The Government of India Act [1935 AD]
The Karachi session was memorable for the resolution of guaranteeing Fundamental Rights to all and for the National Economic plan. It provided for Nationalisation of key industries and schemes for the welfare of workers and peasants. However, the second round table conference was a failure as no agreement was reached and the Civil Disobedience Movement was revived. Gandhi and other leaders were arrested and the movement gradually waned out. It was officially called off in May 1933 and Gandhiji withdrew from active politics.
The Third Round Table conference held in 1932, was not attended by the congress as the real Indian participation in the making of the constitution was negligible. In 1935, The Government of India Act was passed in the British parliament and provided for the establishment of an All-Indian Federation and new system of government on the basis of provincial autonomy. The Congress swept the polls in seven out of eleven provinces in July, 1937. However, the Muslim league secured less than a quarter of the seats reserved for Muslims. The Congress Ministry (1937-39) attended to the social welfare of people, released political prisoners and promoted civil liberties. However, due to the limitations of the Act of 1935, their achievements were few. In 1939, Subhash Chandra Bose, resigned his Presidentship of the Congress and founded the Forward Bloc.
The limited democracy sparked off separatist
sentiments among the Muslims. The Muslim League fared miserably in the
elections. Jinha - the permanent president of the league, began to spread the
rumors that Muslim minority was in danger under Hindu Majority. He actively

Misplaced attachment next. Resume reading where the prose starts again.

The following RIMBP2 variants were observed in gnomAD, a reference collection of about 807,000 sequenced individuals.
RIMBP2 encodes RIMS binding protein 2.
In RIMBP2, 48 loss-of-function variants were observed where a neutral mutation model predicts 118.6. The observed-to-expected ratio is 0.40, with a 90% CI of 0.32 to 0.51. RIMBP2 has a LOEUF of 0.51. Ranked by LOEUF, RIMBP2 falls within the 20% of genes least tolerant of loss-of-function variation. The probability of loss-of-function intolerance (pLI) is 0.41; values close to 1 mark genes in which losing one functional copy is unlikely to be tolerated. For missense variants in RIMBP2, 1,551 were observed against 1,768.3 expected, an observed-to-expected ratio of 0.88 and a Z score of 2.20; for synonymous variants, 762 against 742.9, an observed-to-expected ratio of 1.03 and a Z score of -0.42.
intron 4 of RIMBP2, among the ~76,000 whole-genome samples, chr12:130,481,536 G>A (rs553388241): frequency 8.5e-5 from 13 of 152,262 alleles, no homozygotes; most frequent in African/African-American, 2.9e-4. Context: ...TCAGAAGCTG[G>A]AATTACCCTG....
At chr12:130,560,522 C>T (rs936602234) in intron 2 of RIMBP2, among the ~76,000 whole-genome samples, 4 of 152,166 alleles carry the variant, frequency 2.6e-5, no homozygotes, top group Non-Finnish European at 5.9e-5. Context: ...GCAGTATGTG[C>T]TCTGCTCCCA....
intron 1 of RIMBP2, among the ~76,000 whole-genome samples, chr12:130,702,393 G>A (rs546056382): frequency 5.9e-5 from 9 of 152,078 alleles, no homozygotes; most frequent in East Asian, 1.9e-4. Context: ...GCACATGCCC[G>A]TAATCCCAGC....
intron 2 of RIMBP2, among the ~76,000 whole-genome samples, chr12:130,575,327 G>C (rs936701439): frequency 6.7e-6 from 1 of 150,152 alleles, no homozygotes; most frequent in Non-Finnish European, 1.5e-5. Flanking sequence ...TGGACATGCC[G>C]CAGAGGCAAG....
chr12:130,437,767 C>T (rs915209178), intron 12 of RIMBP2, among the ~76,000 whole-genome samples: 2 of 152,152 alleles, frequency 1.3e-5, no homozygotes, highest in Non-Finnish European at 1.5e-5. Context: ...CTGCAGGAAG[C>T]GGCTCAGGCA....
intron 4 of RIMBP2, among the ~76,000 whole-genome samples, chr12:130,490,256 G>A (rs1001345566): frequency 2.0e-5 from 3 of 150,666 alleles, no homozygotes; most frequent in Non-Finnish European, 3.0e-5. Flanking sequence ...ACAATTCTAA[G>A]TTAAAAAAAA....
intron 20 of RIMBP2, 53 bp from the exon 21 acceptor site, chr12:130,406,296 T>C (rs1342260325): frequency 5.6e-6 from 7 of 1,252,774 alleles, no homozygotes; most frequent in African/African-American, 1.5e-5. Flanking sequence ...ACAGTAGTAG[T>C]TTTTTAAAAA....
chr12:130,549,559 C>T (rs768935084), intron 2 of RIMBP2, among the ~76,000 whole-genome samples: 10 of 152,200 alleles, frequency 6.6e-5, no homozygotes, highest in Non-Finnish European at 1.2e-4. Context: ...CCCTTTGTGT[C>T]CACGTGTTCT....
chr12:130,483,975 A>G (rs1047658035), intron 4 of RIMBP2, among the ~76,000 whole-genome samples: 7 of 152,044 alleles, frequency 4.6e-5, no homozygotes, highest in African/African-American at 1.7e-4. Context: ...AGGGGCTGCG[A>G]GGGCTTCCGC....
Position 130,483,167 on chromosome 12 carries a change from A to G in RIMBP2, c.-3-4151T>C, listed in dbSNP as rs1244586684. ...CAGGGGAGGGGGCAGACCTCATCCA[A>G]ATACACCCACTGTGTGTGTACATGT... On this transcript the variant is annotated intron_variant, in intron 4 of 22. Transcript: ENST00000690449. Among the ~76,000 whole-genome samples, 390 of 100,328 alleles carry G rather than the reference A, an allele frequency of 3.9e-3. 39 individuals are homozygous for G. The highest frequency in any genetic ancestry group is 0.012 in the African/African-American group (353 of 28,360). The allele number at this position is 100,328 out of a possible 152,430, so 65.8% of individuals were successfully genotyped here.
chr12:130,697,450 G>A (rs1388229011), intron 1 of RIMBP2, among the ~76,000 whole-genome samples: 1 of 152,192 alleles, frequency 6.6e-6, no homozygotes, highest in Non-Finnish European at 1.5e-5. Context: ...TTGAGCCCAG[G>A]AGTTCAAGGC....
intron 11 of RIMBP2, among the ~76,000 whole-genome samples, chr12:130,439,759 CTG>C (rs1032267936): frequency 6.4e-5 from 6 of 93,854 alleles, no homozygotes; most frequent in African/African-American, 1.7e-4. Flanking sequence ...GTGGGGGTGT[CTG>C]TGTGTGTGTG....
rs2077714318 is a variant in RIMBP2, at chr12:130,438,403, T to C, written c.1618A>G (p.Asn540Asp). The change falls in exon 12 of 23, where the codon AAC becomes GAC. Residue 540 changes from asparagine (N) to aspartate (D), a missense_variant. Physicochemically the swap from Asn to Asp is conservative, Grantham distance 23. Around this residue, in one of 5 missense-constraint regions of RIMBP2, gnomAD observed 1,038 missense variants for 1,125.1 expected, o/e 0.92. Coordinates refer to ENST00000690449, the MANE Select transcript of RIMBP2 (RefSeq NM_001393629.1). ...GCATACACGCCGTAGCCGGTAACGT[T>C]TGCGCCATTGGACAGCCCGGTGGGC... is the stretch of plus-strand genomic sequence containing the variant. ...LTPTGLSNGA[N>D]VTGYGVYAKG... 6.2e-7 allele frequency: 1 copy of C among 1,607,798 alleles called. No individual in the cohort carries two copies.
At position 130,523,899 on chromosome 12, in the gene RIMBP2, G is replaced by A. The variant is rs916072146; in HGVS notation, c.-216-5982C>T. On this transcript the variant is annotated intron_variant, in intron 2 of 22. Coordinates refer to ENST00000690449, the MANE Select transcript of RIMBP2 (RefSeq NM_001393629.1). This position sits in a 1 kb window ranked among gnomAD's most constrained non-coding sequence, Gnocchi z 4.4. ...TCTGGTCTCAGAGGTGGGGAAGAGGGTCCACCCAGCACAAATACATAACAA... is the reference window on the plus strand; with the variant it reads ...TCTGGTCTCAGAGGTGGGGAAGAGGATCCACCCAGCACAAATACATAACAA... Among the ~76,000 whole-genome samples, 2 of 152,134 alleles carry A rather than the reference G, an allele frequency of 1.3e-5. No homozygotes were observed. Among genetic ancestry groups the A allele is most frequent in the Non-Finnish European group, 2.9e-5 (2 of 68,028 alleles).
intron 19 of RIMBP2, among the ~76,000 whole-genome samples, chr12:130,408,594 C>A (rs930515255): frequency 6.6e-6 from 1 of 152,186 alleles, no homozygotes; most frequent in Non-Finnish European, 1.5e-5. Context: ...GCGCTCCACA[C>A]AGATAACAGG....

propagated the theory of two separate nations. In 1940, the league passed a
resolution demanding Pakistan, by partitioning the country after Independence.
With the outbreak of World War II, Viceroy Lintlithgow, unilaterally associated India with Britain, without consulting Indian leaders. The Congress asserted that if Britain wanted the co-operation, it must give India the right of self-determination. The Britishers refused and the Congress ministers in province resigned. On October 1940, Gandhi gave the call for the limited Satyagraha, so that Britain's war effort was not seriously hampered by mass movement.
The two main world developments that forced Britain to respond to India's need were - Hitler's invasion of Russia and the sudden Japanese campaign in December 1941, which within four months, threw the British out of Malaya, Singapore, Burma and threatened to end their empire in India. In March 1942 Cripps - Labour member of the war cabinet, promised dominion status with the right of secession, but refused to allow immediate transfer of effective power to Indians. The Indian leaders in turn refused to accept mere promises for the future and termed it as a Post dated cheque.
With the failure of Cripps mission things rapidly moved towards the Quit India movement, under Gandhiji.